# PRML Chapter 1

15 Jul 2021               1 sur 15

### PRML Chapter 1

• 1. Introduction + Chapter 1 Reviewer : Sunwoo Kim Christopher M. Bishop Pattern Recognition and Machine Learning Yonsei University Department of Applied Statistics 1
• 2. Study Introduction Study Objective - Assuming that we are familiar of mathematical statistics 1&2 + regression analysis + basic bayes, - Getting the intuition of the various algorithms. - Understanding mathematical concepts of the algorithms. - Reviewing the algorithms on the statistical perspective. Time - Fixed time TBD Method - A week before, we choose the scope of the sessions. - I will prepare the summary of the scope. - Every participants should study the scope and prepare some related questions! 2
• 3. Notation 𝑦 𝑥, 𝑤 : Estimated value with parameter w (which is y) 𝑡𝑛 : True value (which is 𝑦) 𝒕 ∶ Set of input and output vectors 𝐸 𝑤 = 𝐿(𝑦 𝑥, 𝑤 , 𝑡) : Error function, which measures the misfit between estimated value and the true value. 𝒘 = 𝒘𝑻𝒘 = 𝑤1 2 + 𝑤2 2 + ⋯ + 𝑤𝑛 2 = Euclidean norm (also called l2-norm) 𝝁, 𝚺, |𝚺| : Mean, covariance and determinant of variables. 𝛽 = Σ−1 (𝑓𝑜𝑟 𝑢𝑛𝑖𝑣𝑎𝑟𝑖𝑎𝑡𝑒 = 1 𝜎2) : Precision parameter (inverse of covariance) 𝜇𝑀𝐿 : Estimated mean by maximum likelihood estimation. 3
• 4. Chapter 1.1. Polynomial Curve Fitting We have already covered most of the sections in chapter 1 in our undergraduate classes. Thus, I would like to cover only the concepts which are unfamiliar to us. 4 Most of our regression model focuses on simple linear regression, that is 𝛽 = 𝑋𝑇 𝑋 −1 𝑋𝑇 𝑌 Above estimation could be achieved via normal equation. However, how can we set example like this? Here we construct model by using polynomial variables! We can still apply squared error!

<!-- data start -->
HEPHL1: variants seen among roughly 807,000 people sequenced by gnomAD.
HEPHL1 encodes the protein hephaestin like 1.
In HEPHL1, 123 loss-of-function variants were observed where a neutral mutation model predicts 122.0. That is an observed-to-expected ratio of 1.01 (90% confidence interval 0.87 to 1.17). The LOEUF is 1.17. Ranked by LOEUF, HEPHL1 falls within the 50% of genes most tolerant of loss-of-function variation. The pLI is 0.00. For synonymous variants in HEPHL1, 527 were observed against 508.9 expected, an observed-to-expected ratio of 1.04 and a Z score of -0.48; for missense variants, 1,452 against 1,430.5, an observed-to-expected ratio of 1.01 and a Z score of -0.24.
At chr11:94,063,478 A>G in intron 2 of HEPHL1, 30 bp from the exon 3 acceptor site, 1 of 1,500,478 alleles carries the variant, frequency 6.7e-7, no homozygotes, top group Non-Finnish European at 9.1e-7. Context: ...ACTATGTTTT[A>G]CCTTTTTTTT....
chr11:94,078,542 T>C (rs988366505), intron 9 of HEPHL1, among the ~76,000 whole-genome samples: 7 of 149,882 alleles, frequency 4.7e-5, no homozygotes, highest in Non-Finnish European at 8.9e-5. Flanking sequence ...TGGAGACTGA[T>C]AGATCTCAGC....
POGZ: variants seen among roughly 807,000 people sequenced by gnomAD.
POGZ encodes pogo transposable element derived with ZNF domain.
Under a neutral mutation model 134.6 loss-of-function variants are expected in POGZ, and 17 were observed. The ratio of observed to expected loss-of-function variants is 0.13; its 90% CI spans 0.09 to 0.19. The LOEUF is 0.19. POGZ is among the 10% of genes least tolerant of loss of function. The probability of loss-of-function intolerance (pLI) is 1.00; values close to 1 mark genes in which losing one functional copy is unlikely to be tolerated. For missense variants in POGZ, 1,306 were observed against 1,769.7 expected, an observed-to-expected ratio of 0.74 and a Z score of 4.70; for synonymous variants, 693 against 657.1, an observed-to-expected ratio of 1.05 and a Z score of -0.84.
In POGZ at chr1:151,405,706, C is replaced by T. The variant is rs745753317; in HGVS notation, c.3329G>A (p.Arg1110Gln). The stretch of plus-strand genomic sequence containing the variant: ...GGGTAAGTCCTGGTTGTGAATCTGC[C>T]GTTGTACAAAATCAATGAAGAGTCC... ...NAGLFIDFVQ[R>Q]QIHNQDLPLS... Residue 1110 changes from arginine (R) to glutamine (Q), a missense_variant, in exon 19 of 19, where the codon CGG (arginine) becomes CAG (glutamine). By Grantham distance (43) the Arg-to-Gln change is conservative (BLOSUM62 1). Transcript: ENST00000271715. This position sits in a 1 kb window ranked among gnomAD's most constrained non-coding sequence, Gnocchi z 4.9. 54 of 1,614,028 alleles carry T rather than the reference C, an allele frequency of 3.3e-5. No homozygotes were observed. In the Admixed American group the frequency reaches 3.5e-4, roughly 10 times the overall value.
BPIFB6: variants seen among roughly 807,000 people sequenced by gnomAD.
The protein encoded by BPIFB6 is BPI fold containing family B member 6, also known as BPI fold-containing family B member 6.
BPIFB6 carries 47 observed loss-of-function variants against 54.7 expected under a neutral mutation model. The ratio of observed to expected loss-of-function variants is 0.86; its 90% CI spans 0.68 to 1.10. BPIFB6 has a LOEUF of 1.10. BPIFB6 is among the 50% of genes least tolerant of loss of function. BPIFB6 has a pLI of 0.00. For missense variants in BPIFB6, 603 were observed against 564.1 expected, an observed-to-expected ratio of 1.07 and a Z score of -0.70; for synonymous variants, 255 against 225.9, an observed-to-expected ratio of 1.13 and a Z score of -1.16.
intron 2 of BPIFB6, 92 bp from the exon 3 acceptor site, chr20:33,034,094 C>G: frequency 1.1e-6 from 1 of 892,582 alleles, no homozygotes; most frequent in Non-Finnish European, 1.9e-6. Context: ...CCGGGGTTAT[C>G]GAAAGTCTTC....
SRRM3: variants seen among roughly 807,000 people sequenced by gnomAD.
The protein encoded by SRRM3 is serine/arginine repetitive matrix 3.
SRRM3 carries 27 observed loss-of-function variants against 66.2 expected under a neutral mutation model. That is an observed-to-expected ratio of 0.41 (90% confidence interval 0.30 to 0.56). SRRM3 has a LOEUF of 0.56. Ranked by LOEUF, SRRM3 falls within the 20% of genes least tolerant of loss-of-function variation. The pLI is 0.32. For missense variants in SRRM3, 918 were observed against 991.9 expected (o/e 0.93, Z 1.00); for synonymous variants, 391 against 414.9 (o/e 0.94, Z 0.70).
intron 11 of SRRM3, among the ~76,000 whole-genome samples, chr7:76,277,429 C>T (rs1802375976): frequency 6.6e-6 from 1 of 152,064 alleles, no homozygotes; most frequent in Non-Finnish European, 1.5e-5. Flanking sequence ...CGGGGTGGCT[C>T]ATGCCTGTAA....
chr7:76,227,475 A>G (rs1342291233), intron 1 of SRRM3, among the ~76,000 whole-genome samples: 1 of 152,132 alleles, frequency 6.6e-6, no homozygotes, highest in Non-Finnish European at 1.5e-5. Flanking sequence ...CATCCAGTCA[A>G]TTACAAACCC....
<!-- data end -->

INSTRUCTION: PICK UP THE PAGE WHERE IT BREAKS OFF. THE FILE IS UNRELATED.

• 5. Chapter 1.2.6 Bayesian Curve Fitting As we all know, we need to assume the distribution of parameters. Furthermore, we have to marginalize it out in order to make prediction! This process can be expressed by 5 This entire process will be covered in detail in chapter 3!
• 6. Chapter 1.5. Decision Theory Our Goal : Getting the 𝑝(𝑥, 𝑡), but in most case it is extremely hard. In fact, we estimate posterior, 𝑝 𝑡 𝑥 = 𝑝 𝐶𝑘 𝑥 = 𝑝 𝑥 𝐶𝑘 𝒑 𝑪𝒌 𝑝(𝑥) 6 For cancer diagnosis, we have some belief, A prior knowledge before taking X-ray. Consider we are trying to build a decision rule. For binary classification, we are dividing input space to 𝓡𝟏 & 𝓡𝟐. What we do in ML is “minimizing the misclassification rate”. Here, let’s consider the decision boundary to be 𝑥. Optimal boundary will be 𝑥 = 𝑥0
• 7. Chapter 1.5. Decision Theory We need a generalization of the concept “loss”. Here we define the “loss function”. 𝐿𝑘𝑗 : Element of a loss matrix. We are minimizing the average loss of the function. 7 In practical, estimating the mere probability is not enough. We need to assign a specific label! / That is, we need to decide a cut-off This threshold matter is called “reject option”. =
• 8. Chapter 1.5. Decision Theory Way of classification 8 (A) Generative Model (B) Discriminative Model (C) Direct classification - Estimating above probabilities. - We are modeling the distribution of the input & output. - It is possible to generate synthetic data. - Estimating the posterior only. - We calculate the probability of our interest. 𝒑 𝑪𝒌 𝒙) 𝑪𝒌 = 𝒇(𝒙) - We do not calculate the probability. - Directly yields the class label.